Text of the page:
There was other bullish variables. The weekly EIA report rose +667k barrels last week, less than half what was expected. Total crude stockpiles were to increase by +1.5m barrels. The market also focused on the drawdown at Cushing (the delivery point for New York futures). Supplies dropped -1.1m barrels to +34m, the biggest one-week drop in nine-months. Gas stockpiles rose by +1.2m barrels to +219.3m vs. a -1.3m drop. In contrast, distillate stocks (heating oil and diesel) fell by -2.2m to +170.1m barrels. Analysts had expected only a -600k barrel shortfall. The refining capacity utilization rose by +0.6% to +82.5%. Analysts were looking for a +0.1% increase. Despite all this, inventories for crude and refined products remain at unusually high levels. Crude analysts note ‘this is currently a shoulder season for product demand ahead of the winter heating season’. Technically, we should see inventories gravitate towards their highs. The market remains wary that the underlying fundamentals have not changed. The ‘big’ dollars value continues to push prices about.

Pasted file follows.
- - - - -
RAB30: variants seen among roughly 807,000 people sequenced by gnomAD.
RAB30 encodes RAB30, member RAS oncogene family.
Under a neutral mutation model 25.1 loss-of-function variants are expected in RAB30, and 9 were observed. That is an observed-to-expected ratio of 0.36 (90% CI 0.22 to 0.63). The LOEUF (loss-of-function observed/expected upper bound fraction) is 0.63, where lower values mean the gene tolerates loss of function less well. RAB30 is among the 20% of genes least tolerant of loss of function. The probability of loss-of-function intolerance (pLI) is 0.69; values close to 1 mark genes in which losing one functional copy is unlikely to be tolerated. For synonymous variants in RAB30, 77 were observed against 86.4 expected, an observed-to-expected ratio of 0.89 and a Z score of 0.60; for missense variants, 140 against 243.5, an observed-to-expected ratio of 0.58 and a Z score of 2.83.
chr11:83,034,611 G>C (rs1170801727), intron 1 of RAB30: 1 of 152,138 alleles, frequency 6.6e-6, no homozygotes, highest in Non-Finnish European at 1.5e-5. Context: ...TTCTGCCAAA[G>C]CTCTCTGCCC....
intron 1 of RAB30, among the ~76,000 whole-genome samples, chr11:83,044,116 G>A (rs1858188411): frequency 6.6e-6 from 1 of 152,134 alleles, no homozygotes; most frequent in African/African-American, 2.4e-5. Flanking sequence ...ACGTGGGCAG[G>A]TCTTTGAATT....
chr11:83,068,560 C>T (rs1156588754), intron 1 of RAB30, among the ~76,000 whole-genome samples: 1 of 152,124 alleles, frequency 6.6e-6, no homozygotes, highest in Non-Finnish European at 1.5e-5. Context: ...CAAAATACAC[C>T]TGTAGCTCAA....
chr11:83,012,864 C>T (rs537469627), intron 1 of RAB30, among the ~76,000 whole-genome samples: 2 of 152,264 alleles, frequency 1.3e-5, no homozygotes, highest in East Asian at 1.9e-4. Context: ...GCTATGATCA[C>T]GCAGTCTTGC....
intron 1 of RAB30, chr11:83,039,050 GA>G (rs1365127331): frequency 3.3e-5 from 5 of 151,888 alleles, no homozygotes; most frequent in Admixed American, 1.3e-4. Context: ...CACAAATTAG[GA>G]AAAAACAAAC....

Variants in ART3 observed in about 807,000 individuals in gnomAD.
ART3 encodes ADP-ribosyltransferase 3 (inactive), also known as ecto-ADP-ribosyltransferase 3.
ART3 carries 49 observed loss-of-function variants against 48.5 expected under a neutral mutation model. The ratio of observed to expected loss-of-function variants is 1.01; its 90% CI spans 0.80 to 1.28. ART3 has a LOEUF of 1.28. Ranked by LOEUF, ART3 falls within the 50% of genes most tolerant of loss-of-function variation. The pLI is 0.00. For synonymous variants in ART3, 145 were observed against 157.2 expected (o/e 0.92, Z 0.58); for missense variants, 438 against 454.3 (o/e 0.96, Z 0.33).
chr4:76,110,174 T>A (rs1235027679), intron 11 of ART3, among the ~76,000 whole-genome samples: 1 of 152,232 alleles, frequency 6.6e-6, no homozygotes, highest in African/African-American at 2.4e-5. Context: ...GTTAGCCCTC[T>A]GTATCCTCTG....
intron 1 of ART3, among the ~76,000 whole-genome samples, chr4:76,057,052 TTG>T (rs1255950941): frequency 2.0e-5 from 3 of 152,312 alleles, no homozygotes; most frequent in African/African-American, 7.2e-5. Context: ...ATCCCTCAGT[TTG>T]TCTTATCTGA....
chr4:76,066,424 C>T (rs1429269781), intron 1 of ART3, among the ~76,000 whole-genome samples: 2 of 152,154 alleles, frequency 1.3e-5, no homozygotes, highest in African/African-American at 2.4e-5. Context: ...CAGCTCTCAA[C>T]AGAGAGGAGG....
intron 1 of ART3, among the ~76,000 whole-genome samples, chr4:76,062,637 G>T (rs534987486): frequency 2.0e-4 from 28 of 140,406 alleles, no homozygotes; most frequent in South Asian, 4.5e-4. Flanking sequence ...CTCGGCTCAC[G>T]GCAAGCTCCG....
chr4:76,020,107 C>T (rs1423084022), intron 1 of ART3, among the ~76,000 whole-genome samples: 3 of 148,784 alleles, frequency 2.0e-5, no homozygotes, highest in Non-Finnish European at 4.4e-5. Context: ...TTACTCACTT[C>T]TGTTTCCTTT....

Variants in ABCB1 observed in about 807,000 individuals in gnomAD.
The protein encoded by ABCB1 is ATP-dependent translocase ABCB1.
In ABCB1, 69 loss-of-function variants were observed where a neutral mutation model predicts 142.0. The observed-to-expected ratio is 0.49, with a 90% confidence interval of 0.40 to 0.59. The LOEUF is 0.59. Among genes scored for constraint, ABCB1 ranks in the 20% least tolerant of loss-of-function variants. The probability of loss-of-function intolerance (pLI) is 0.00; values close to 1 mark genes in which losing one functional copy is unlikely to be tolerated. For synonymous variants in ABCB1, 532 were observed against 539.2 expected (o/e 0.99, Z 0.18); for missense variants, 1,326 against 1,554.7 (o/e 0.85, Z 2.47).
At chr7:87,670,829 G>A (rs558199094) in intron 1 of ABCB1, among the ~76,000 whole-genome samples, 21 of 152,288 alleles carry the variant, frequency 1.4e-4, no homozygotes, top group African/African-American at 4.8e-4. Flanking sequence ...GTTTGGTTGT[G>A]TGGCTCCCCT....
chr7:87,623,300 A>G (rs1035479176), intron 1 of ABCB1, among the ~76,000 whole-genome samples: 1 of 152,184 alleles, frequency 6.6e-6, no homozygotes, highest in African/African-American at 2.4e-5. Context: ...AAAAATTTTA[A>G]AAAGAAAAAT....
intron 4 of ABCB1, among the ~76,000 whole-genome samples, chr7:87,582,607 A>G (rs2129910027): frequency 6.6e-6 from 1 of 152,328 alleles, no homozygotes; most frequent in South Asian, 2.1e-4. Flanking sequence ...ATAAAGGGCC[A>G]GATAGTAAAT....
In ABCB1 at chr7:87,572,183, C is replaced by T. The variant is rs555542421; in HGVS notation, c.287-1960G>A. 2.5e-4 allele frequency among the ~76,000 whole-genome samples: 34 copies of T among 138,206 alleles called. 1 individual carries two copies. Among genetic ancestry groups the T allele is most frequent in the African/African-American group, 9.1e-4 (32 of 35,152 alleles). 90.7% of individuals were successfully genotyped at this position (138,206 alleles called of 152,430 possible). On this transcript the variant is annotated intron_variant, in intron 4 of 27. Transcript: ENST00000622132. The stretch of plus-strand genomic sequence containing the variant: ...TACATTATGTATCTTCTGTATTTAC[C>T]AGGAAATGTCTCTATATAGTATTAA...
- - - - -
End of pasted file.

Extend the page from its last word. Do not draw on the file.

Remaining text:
Gold happened to have its first weekly decline in over a month last week as the dollar rebounded eroding the commodity’s appeal as a haven against debasement of the US currency. Its dollar negative correlation relationship remains intact. But, in the O/N session and after the G20 meeting, the dollar has weakened, boosting the demand for commodities as an alternative investment. For most of this month investors had been seeking an alternative investment strategy to the historical reserve currency. Interest rates play an important role to the commodities advance. Rising interest rates pressurize gold prices, just look at the markets reaction to a tighter Chinese monetary policy. For most of this month the market has traded with a distrust of currencies and gold seemed to be the only solution as investors used it as a proxy for a ‘third reservable currency’, pushing the metal to record new record highs. With market confidence wavering in currency prices, and with cheap money, has made commodities look attractive on pull backs. To date, gold has outperformed global equities and treasuries (+20.2%), prompting record investment in gold-backed exchange-traded products. The debasing issues of the dollar, coupled with the sustainable growth issues of the US economy have had investors generally seeking protection in an asset with a ‘store of value’. With the Fed on the verge of implementing further QE programs ‘tend to be supportive of asset prices and is fueling concerns about the potential longer-term inflationary affect of such measures’. The opportunity costs of holding gold are low due to low interest rates ($1,345 +$20).